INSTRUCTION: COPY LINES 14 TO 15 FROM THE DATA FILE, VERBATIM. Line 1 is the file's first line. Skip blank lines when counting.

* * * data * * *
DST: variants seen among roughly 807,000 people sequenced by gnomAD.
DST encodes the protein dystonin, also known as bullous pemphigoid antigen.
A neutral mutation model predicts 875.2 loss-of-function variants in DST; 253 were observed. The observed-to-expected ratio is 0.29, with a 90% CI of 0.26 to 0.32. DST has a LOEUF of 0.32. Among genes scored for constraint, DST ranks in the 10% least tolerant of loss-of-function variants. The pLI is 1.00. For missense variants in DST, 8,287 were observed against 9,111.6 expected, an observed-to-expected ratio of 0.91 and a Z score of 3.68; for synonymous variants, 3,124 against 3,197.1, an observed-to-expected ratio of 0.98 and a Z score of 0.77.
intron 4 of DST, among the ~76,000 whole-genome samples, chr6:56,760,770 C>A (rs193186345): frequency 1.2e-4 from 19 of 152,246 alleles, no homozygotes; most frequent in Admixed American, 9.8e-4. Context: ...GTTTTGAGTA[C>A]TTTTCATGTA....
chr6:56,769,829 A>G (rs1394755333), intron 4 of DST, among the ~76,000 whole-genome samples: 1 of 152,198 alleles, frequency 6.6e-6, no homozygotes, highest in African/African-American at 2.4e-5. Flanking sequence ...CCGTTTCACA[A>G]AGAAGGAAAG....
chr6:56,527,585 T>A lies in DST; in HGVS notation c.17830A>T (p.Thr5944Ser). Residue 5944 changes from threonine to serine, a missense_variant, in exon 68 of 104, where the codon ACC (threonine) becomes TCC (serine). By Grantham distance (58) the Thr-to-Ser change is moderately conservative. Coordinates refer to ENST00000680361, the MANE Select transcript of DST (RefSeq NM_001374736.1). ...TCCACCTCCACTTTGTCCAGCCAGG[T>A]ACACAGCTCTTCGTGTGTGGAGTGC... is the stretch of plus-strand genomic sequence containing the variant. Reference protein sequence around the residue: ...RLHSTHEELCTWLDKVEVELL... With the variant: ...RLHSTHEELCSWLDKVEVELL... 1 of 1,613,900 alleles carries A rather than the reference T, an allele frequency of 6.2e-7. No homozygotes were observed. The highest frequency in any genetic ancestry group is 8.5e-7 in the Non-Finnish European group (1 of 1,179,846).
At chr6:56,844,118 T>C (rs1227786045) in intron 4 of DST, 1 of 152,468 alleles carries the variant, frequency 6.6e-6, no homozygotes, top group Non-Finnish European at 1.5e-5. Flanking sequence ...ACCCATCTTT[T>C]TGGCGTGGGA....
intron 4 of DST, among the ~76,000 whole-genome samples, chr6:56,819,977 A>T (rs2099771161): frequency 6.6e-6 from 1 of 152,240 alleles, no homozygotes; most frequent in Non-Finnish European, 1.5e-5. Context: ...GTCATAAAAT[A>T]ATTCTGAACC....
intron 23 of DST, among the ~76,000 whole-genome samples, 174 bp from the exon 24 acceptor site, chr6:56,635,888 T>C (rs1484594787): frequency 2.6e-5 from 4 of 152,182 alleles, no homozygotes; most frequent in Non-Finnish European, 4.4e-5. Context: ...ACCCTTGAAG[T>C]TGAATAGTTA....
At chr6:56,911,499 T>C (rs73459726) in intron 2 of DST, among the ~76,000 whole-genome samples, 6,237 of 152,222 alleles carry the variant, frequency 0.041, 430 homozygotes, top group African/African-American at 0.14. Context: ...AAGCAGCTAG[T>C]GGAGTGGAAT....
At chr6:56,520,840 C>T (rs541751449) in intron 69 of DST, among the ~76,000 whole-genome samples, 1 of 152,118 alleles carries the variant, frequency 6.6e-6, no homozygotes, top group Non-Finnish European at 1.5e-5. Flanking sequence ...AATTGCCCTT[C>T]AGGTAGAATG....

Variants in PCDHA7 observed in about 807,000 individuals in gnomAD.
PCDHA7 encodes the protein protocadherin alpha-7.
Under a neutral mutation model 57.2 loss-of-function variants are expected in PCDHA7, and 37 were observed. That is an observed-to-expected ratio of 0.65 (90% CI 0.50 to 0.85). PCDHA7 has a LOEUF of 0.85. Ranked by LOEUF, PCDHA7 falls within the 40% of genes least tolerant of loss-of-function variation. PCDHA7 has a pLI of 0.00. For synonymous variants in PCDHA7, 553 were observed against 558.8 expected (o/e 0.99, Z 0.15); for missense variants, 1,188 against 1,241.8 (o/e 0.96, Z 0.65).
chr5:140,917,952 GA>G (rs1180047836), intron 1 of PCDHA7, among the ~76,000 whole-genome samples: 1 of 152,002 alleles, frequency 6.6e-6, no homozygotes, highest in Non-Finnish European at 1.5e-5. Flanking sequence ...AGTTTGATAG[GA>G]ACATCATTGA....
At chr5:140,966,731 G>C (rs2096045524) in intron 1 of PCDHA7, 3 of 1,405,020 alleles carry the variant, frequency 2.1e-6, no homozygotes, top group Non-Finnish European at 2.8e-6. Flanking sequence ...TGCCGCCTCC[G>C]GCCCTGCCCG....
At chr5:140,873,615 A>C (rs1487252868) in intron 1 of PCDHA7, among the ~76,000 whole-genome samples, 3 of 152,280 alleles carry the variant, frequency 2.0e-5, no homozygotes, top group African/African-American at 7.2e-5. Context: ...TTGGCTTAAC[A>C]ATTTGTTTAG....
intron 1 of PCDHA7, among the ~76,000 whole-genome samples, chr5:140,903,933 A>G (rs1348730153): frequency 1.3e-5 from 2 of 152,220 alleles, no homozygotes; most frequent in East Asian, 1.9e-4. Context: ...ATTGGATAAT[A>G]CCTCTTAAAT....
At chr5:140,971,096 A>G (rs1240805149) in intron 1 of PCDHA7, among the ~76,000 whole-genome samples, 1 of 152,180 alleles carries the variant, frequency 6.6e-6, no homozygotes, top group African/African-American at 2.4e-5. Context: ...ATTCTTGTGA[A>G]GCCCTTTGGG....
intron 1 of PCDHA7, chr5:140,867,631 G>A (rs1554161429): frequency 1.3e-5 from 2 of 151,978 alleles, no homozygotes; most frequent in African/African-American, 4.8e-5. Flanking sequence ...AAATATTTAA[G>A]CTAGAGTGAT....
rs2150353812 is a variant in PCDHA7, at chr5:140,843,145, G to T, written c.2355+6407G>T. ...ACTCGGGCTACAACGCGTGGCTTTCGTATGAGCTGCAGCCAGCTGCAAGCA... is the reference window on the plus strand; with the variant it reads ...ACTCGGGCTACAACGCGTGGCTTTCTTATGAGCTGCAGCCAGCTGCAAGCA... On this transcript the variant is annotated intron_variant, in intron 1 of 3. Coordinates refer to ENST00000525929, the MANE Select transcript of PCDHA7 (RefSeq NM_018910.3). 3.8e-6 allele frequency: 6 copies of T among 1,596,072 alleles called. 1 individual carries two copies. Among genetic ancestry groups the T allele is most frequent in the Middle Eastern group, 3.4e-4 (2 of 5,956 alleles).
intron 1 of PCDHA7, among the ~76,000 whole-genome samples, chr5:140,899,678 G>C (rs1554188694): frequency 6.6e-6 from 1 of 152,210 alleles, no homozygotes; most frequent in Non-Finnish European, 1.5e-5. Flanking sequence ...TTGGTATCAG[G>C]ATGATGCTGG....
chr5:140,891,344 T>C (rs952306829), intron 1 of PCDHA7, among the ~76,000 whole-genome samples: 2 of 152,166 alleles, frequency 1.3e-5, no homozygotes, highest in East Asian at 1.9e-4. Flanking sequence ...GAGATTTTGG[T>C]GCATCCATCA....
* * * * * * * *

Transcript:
Under a neutral mutation model 57.2 loss-of-function variants are expected in PCDHA7, and 37 were observed. That is an observed-to-expected ratio of 0.65 (90% CI 0.50 to 0.85). PCDHA7 has a LOEUF of 0.85. Ranked by LOEUF, PCDHA7 falls within the 40% of genes least tolerant of loss-of-function variation. PCDHA7 has a pLI of 0.00. For synonymous variants in PCDHA7, 553 were observed against 558.8 expected (o/e 0.99, Z 0.15); for missense variants, 1,188 against 1,241.8 (o/e 0.96, Z 0.65).
chr5:140,917,952 GA>G (rs1180047836), intron 1 of PCDHA7, among the ~76,000 whole-genome samples: 1 of 152,002 alleles, frequency 6.6e-6, no homozygotes, highest in Non-Finnish European at 1.5e-5. Flanking sequence ...AGTTTGATAG[GA>G]ACATCATTGA....